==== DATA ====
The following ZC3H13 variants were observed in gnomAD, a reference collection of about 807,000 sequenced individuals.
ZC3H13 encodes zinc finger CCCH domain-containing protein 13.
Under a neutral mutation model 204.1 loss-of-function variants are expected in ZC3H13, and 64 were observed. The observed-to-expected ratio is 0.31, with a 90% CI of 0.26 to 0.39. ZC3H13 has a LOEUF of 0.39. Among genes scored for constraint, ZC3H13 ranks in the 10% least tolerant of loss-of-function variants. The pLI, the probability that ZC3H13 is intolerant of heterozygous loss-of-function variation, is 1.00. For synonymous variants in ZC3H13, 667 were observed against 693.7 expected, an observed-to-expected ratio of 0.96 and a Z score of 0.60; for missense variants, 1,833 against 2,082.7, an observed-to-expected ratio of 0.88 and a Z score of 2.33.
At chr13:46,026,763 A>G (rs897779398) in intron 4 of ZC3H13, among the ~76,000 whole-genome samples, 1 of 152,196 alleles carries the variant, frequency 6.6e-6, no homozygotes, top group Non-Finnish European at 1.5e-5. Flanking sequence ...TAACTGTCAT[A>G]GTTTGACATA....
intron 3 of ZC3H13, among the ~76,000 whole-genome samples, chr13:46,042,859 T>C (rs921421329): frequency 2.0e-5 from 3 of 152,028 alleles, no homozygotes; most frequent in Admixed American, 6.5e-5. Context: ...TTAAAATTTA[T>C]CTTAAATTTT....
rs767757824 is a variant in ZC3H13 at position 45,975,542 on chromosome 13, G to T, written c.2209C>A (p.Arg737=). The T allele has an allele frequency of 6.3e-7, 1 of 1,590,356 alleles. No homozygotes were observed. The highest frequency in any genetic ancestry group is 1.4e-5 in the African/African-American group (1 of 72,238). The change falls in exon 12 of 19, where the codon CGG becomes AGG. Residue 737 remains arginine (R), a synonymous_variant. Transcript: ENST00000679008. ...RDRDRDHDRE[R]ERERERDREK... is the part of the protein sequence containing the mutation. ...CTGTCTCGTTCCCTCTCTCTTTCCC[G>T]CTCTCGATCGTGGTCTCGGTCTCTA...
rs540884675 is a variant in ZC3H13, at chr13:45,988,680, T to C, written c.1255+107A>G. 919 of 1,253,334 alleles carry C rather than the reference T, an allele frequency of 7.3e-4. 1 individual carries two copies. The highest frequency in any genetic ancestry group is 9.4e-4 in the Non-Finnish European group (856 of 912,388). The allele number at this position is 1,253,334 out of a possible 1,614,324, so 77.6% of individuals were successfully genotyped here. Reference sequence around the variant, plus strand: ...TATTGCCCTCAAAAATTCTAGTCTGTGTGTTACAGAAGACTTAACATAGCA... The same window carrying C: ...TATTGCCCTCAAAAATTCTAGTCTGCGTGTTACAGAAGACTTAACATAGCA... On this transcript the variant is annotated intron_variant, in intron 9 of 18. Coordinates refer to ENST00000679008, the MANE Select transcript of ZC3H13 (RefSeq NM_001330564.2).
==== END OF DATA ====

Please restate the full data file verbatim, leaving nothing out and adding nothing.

The following ZC3H13 variants were observed in gnomAD, a reference collection of about 807,000 sequenced individuals.
ZC3H13 encodes zinc finger CCCH domain-containing protein 13.
Under a neutral mutation model 204.1 loss-of-function variants are expected in ZC3H13, and 64 were observed. The observed-to-expected ratio is 0.31, with a 90% CI of 0.26 to 0.39. ZC3H13 has a LOEUF of 0.39. Among genes scored for constraint, ZC3H13 ranks in the 10% least tolerant of loss-of-function variants. The pLI, the probability that ZC3H13 is intolerant of heterozygous loss-of-function variation, is 1.00. For synonymous variants in ZC3H13, 667 were observed against 693.7 expected, an observed-to-expected ratio of 0.96 and a Z score of 0.60; for missense variants, 1,833 against 2,082.7, an observed-to-expected ratio of 0.88 and a Z score of 2.33.
At chr13:46,026,763 A>G (rs897779398) in intron 4 of ZC3H13, among the ~76,000 whole-genome samples, 1 of 152,196 alleles carries the variant, frequency 6.6e-6, no homozygotes, top group Non-Finnish European at 1.5e-5. Flanking sequence ...TAACTGTCAT[A>G]GTTTGACATA....
intron 3 of ZC3H13, among the ~76,000 whole-genome samples, chr13:46,042,859 T>C (rs921421329): frequency 2.0e-5 from 3 of 152,028 alleles, no homozygotes; most frequent in Admixed American, 6.5e-5. Context: ...TTAAAATTTA[T>C]CTTAAATTTT....
rs767757824 is a variant in ZC3H13 at position 45,975,542 on chromosome 13, G to T, written c.2209C>A (p.Arg737=). The T allele has an allele frequency of 6.3e-7, 1 of 1,590,356 alleles. No homozygotes were observed. The highest frequency in any genetic ancestry group is 1.4e-5 in the African/African-American group (1 of 72,238). The change falls in exon 12 of 19, where the codon CGG becomes AGG. Residue 737 remains arginine (R), a synonymous_variant. Transcript: ENST00000679008. ...RDRDRDHDRE[R]ERERERDREK... is the part of the protein sequence containing the mutation. ...CTGTCTCGTTCCCTCTCTCTTTCCC[G>T]CTCTCGATCGTGGTCTCGGTCTCTA...
rs540884675 is a variant in ZC3H13, at chr13:45,988,680, T to C, written c.1255+107A>G. 919 of 1,253,334 alleles carry C rather than the reference T, an allele frequency of 7.3e-4. 1 individual carries two copies. The highest frequency in any genetic ancestry group is 9.4e-4 in the Non-Finnish European group (856 of 912,388). The allele number at this position is 1,253,334 out of a possible 1,614,324, so 77.6% of individuals were successfully genotyped here. Reference sequence around the variant, plus strand: ...TATTGCCCTCAAAAATTCTAGTCTGTGTGTTACAGAAGACTTAACATAGCA... The same window carrying C: ...TATTGCCCTCAAAAATTCTAGTCTGCGTGTTACAGAAGACTTAACATAGCA... On this transcript the variant is annotated intron_variant, in intron 9 of 18. Coordinates refer to ENST00000679008, the MANE Select transcript of ZC3H13 (RefSeq NM_001330564.2).